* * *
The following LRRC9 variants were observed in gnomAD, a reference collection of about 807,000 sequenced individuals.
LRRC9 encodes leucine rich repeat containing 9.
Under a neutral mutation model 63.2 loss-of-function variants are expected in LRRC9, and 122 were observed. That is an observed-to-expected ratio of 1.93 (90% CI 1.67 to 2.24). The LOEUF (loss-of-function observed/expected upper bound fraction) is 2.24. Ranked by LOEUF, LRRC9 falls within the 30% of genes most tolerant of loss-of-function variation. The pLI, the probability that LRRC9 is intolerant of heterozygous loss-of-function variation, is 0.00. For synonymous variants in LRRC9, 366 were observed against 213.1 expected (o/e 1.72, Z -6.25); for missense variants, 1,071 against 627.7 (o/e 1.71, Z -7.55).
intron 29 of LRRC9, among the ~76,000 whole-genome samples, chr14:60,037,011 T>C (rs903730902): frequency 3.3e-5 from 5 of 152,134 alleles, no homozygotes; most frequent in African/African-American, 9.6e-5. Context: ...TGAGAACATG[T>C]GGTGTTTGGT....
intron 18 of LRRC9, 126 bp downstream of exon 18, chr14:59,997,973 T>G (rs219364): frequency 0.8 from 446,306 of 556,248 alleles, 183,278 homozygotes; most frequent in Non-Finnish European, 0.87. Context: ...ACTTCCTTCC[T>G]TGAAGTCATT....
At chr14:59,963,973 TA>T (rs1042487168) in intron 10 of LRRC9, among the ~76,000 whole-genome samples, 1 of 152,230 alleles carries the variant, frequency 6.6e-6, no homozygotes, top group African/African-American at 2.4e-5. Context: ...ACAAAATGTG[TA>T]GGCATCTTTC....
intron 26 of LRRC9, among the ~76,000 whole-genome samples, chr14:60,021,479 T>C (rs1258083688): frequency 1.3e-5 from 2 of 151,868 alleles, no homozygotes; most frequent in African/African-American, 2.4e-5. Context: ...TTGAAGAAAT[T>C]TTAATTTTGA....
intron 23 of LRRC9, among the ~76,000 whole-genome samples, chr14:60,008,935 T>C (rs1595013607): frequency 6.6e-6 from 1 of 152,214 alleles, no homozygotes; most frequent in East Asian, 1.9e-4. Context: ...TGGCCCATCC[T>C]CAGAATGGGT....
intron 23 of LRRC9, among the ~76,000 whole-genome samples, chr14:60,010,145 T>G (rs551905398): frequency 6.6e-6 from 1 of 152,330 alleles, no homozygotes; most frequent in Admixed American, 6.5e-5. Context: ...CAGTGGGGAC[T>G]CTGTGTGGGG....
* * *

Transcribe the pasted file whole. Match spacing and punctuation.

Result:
The following LRRC9 variants were observed in gnomAD, a reference collection of about 807,000 sequenced individuals.
LRRC9 encodes leucine rich repeat containing 9.
Under a neutral mutation model 63.2 loss-of-function variants are expected in LRRC9, and 122 were observed. That is an observed-to-expected ratio of 1.93 (90% CI 1.67 to 2.24). The LOEUF (loss-of-function observed/expected upper bound fraction) is 2.24. Ranked by LOEUF, LRRC9 falls within the 30% of genes most tolerant of loss-of-function variation. The pLI, the probability that LRRC9 is intolerant of heterozygous loss-of-function variation, is 0.00. For synonymous variants in LRRC9, 366 were observed against 213.1 expected (o/e 1.72, Z -6.25); for missense variants, 1,071 against 627.7 (o/e 1.71, Z -7.55).
intron 29 of LRRC9, among the ~76,000 whole-genome samples, chr14:60,037,011 T>C (rs903730902): frequency 3.3e-5 from 5 of 152,134 alleles, no homozygotes; most frequent in African/African-American, 9.6e-5. Context: ...TGAGAACATG[T>C]GGTGTTTGGT....
intron 18 of LRRC9, 126 bp downstream of exon 18, chr14:59,997,973 T>G (rs219364): frequency 0.8 from 446,306 of 556,248 alleles, 183,278 homozygotes; most frequent in Non-Finnish European, 0.87. Context: ...ACTTCCTTCC[T>G]TGAAGTCATT....
At chr14:59,963,973 TA>T (rs1042487168) in intron 10 of LRRC9, among the ~76,000 whole-genome samples, 1 of 152,230 alleles carries the variant, frequency 6.6e-6, no homozygotes, top group African/African-American at 2.4e-5. Context: ...ACAAAATGTG[TA>T]GGCATCTTTC....
intron 26 of LRRC9, among the ~76,000 whole-genome samples, chr14:60,021,479 T>C (rs1258083688): frequency 1.3e-5 from 2 of 151,868 alleles, no homozygotes; most frequent in African/African-American, 2.4e-5. Context: ...TTGAAGAAAT[T>C]TTAATTTTGA....
intron 23 of LRRC9, among the ~76,000 whole-genome samples, chr14:60,008,935 T>C (rs1595013607): frequency 6.6e-6 from 1 of 152,214 alleles, no homozygotes; most frequent in East Asian, 1.9e-4. Context: ...TGGCCCATCC[T>C]CAGAATGGGT....
intron 23 of LRRC9, among the ~76,000 whole-genome samples, chr14:60,010,145 T>G (rs551905398): frequency 6.6e-6 from 1 of 152,330 alleles, no homozygotes; most frequent in Admixed American, 6.5e-5. Context: ...CAGTGGGGAC[T>G]CTGTGTGGGG....